[The Suicide Club]: This book is about a group of intellectually "gifted" high school students who are driven by the thrill of committing crimes. It all starts with the burning down of three churches, but the stakes become higher when people start committing suicide. Are these cases related or just coincidences in this sleepy one stoplight southern town? Does this sound intriguing to you? It did to me, and then I started to read it and wished I hadn¿t. The characters were like that of the cardboard standee variety; I couldn¿t relate to any of them. Additionally the plot dragged along at a crippled snails¿ pace. Finally, I guess due to Wilson¿s prior career of writing harlequin novels; she added unnecessary details of the intimacy between the two main characters. (Although I have never read such novels before, I assume these scenes were toned down versions, but out of place nonetheless.) The pace did pick-up over the last two chapters, but I wasn¿t satisfied with the motives of the perpetrators.
So I thought this was going to be a YA novel, but once I got to the graphic seksi time about halfway though I realized it wasn't. What it was, though, was a very good and well thought out novel. High school teacher Lindsey Sloan's small Alabama town was rocked when three local churches were burned to the ground and the town's new detective, Jace, is trying to convince her that one her her students committed the crimes. Meanwhile, the school is having a rough time, grieving through multiple student suicides. The whole thing culminates in something horrific at the end of the novel.This book was dark, no doubt about that, but it was also timely. One of the suicides was committed by a high schooler who had come out to his father that he was gay. When his classmates found out, they hounded him with e-mail harassments until he decided he had no other course of action but to take his own life. It's a tragedy that hits close to home for a lot of young people these days.While the characters were a bit one-dimensional, the excitement from the plot more than made up for it. It was definitely a page-turner from the first chapter, not only because I was trying to figure out who had committed these crimes and how they were all related, but also because it was obvious Lindsey and Jace were attracted to each other. While the plot was heavy, the romance aspect of the novel helped it from getting too heavy.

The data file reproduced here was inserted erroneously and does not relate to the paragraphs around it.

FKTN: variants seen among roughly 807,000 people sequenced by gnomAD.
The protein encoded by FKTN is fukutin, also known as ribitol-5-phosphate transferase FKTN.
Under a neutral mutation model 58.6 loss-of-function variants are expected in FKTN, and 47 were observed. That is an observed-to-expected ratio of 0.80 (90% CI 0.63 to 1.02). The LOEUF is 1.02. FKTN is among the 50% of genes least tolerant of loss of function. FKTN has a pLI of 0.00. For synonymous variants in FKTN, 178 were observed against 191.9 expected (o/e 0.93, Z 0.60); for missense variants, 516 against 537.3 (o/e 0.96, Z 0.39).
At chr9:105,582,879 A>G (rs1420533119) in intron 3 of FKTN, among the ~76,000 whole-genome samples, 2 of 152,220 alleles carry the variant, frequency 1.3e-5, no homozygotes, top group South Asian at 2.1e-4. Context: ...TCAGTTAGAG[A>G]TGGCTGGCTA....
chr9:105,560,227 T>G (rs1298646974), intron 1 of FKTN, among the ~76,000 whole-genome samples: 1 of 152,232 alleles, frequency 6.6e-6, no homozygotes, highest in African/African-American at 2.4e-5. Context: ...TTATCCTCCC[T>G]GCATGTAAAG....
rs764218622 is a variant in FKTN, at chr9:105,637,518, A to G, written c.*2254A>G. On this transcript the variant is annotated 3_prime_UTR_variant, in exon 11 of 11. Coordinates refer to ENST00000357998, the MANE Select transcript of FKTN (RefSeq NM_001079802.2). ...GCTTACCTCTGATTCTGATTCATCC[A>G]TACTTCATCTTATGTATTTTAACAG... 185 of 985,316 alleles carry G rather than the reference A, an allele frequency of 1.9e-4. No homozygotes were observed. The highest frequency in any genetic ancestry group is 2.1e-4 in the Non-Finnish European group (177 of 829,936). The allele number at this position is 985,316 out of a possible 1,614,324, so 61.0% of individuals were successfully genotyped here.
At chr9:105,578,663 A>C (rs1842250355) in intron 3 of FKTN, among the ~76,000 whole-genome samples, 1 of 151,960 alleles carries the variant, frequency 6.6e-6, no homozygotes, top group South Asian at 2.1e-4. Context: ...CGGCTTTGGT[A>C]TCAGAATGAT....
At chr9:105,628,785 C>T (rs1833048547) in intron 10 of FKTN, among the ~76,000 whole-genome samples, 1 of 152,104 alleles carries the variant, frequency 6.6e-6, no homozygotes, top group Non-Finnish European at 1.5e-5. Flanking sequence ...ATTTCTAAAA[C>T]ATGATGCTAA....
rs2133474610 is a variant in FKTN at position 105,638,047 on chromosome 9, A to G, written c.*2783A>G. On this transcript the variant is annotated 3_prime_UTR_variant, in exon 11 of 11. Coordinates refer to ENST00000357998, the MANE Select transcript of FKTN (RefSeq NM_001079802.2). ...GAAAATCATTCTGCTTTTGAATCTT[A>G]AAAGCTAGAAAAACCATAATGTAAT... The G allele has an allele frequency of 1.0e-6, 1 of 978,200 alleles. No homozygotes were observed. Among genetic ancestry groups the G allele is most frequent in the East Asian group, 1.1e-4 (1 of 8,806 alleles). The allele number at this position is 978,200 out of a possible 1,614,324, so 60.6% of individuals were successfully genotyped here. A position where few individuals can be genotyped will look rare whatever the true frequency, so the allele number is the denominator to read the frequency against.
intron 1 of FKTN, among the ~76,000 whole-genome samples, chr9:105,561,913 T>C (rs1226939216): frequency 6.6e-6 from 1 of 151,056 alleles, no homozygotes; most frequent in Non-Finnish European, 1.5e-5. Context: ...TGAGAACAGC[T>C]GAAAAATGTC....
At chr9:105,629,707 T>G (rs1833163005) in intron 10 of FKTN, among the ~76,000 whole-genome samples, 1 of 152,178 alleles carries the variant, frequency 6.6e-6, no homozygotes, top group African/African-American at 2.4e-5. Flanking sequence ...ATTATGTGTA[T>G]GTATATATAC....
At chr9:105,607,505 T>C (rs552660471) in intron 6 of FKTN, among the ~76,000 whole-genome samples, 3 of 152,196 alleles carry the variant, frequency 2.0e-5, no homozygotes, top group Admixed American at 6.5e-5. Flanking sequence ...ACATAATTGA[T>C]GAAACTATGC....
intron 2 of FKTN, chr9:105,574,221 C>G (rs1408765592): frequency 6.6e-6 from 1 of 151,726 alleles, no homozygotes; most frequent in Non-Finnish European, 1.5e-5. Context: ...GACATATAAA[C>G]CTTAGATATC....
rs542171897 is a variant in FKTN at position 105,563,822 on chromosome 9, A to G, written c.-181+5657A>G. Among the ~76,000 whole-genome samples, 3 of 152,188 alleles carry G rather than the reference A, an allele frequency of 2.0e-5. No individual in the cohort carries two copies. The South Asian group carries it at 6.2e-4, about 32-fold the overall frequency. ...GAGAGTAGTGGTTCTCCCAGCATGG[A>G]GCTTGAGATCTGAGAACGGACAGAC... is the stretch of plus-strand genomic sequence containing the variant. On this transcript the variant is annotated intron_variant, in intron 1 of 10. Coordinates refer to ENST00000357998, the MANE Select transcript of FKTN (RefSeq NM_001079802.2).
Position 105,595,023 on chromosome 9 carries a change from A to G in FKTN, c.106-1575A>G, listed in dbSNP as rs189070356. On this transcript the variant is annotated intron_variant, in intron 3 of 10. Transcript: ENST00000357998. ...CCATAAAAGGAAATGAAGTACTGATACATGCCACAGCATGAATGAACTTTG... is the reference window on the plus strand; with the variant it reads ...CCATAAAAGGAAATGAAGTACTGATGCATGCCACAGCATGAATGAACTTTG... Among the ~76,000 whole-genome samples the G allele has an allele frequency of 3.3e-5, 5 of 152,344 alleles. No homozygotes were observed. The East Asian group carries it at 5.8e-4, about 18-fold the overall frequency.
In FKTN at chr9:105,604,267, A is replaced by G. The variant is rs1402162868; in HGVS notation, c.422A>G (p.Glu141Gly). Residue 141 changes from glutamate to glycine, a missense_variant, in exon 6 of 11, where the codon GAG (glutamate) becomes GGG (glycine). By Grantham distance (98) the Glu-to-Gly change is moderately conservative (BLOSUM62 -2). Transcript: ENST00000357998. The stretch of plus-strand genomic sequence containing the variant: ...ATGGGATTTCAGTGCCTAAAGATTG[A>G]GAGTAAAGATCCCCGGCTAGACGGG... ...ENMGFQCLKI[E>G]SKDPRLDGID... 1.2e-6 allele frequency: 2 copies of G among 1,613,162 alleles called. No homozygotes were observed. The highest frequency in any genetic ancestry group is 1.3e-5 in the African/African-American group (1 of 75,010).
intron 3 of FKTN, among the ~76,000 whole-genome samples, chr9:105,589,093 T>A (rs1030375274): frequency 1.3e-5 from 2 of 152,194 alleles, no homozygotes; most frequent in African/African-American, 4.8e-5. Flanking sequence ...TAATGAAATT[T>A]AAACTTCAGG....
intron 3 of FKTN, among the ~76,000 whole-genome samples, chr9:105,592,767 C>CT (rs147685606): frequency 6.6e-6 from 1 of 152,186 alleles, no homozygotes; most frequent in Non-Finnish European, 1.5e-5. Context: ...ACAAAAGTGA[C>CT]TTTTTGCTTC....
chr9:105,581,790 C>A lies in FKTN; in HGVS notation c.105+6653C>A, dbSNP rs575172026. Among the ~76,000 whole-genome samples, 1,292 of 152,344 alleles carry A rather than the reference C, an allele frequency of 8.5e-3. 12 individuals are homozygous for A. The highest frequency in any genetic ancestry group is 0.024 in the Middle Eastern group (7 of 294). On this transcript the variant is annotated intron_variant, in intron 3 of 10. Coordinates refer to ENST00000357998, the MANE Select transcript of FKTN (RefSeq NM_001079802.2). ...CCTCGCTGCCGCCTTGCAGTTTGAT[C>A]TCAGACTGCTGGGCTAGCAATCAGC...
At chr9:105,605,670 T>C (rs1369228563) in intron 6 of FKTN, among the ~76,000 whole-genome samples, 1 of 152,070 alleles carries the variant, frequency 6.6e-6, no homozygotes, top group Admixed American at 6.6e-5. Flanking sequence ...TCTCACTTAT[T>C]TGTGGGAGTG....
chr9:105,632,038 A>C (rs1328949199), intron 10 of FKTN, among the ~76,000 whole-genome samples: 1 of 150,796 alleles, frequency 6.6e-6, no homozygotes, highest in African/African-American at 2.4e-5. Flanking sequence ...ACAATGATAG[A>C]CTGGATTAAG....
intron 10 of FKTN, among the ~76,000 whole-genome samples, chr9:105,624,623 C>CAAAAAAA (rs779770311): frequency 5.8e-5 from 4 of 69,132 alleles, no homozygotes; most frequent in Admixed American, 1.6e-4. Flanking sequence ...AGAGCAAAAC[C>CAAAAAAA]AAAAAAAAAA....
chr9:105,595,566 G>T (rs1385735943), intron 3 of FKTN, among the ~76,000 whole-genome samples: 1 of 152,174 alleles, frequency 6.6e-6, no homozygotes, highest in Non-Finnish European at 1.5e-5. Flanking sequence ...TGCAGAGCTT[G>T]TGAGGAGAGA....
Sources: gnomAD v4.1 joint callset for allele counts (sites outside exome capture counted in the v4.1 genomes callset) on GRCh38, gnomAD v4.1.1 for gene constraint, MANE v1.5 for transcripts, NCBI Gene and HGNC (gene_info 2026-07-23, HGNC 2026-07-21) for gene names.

Gifted Coordinator teacher Lindsay Sloan rejects as ludicrous Sheriff¿s Department Detective Jace Nolan¿s theory that at least one if not more of her students is involved in serial church arsons even though he claims he is working with FBI profilers. However, her students notice the cop and the teacher talking they wonder if she is ratting on them. Soon afterward, someone tries to kill her in a fire.------------ Still she rejects his supposition until a series of student suicides occur that make her reconsider what is happening to her gifted pupils. She vows to help Jace learn the truth in order to insure her students are safe. The cop and the teacher are willing to risk their lives to prevent more appalling consequences from occurring.------------------- The recent Virginia Tech tragedy reminds the audience how plausible the story line of THE SUICIDE CLUB is. Readers join Lindsay praying that it is not the students committing arson and wondering what has happened to these geniuses who are suddenly killing themselves. Although the romance between Jace and Lindsay is well written, it seems more like a superficial sidebar requirement (even with the life threatening final confrontation) to a strong suspense thriller as the superb mystery takes center stage.------------------ Harriet Klausner